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George WhitefieldLife, Context, and Legacy$
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Geordan Hammond and David Ceri Jones

Print publication date: 2016

Print ISBN-13: 9780198747079

Published to Oxford Scholarship Online: June 2016

DOI: 10.1093/acprof:oso/9780198747079.001.0001

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Whitefield and the Enlightenment

Whitefield and the Enlightenment

Chapter:
(p.64) 4 Whitefield and the Enlightenment
Source:
George Whitefield
Author(s):

Frank Lambert

Publisher:
Oxford University Press
DOI:10.1093/acprof:oso/9780198747079.003.0005

This chapter discusses George Whitefield’s appropriation of Enlightenment themes to explain his central message of the necessity of a spiritual new birth. While he thought that Enlightenment thinkers sometimes emphasized the head over the heart, he nonetheless embraced such ideas as the reasoning self, human experience as a means to knowledge, and the dead hand of the past. At the same time, he attacked Protestant thinkers, whom he called reasoners, who, in his opinion, distorted the gospel through emphasizing reason over revelation and the natural over the supernatural. Whitefield made John Tillotson his favourite whipping boy by assailing the archbishop’s application of Enlightenment teachings that, Whitefield thought, reduced the gospel to moral behaviour and dismissed such Protestant doctrines as original sin and eternal punishment. However, Whitefield too came under attack when opponents charged him with enthusiasm.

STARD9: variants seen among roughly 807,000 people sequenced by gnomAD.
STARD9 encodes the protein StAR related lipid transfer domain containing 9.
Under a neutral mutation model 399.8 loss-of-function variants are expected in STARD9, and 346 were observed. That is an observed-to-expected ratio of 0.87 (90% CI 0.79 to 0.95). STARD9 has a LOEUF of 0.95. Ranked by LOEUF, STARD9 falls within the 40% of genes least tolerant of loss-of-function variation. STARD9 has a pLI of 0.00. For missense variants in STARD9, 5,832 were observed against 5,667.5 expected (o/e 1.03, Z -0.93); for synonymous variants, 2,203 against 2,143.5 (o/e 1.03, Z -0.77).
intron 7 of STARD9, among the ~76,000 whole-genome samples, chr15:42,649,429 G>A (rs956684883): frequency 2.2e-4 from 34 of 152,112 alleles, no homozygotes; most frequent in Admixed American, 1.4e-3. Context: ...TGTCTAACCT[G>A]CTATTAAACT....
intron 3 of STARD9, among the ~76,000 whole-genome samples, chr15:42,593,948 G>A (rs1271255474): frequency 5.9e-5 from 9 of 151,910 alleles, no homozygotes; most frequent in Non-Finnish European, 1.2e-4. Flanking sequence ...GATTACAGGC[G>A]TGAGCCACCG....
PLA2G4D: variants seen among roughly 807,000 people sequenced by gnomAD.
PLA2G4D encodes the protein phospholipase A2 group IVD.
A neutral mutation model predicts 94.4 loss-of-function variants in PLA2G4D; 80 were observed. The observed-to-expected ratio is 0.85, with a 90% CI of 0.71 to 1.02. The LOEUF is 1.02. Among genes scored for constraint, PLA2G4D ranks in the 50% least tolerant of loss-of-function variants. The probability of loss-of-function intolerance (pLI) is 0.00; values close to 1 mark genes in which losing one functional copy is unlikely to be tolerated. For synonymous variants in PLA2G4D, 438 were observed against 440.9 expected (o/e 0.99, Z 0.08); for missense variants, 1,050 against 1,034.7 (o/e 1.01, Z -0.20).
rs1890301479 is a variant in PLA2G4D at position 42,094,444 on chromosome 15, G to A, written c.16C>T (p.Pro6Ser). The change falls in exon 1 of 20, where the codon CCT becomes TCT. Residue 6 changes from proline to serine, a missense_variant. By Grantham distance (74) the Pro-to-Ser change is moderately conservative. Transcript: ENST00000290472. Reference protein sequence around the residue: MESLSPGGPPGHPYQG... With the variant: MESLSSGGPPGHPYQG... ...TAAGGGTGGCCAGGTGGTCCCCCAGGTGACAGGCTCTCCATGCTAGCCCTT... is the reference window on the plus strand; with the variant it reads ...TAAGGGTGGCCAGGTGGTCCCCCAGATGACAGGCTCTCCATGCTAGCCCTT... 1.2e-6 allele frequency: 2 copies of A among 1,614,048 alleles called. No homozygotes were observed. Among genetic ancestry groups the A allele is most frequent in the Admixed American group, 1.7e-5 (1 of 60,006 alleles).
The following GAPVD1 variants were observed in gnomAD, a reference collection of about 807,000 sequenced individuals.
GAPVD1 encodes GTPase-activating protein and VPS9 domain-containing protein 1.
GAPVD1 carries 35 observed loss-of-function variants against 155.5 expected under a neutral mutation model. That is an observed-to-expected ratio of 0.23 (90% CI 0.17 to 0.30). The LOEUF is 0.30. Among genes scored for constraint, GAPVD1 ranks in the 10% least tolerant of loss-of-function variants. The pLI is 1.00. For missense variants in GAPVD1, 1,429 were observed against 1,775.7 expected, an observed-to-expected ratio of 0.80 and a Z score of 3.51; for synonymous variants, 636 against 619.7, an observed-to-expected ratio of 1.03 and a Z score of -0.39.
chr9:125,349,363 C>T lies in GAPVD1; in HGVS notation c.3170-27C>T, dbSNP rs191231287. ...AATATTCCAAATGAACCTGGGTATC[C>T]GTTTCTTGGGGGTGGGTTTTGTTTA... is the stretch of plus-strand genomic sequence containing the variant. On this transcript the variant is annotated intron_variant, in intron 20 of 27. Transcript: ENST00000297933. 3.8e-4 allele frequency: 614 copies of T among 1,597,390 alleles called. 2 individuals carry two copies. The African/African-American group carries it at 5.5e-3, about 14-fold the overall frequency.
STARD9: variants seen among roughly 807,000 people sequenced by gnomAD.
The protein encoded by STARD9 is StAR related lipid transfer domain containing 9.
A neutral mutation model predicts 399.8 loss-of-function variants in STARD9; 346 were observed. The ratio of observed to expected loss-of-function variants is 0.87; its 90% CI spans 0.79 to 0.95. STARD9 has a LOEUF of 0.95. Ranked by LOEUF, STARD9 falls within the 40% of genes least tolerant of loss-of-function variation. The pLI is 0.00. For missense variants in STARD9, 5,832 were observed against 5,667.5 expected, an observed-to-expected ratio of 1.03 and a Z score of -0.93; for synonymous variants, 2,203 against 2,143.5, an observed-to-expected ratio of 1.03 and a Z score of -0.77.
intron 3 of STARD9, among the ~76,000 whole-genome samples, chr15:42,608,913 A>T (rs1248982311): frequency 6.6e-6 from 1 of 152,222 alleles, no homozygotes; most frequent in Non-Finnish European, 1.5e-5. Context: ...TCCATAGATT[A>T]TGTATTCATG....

Keywords:   Enlightenment, new birth, John Tillotson, evangelical revivals, reason, enthusiasm, heart religion

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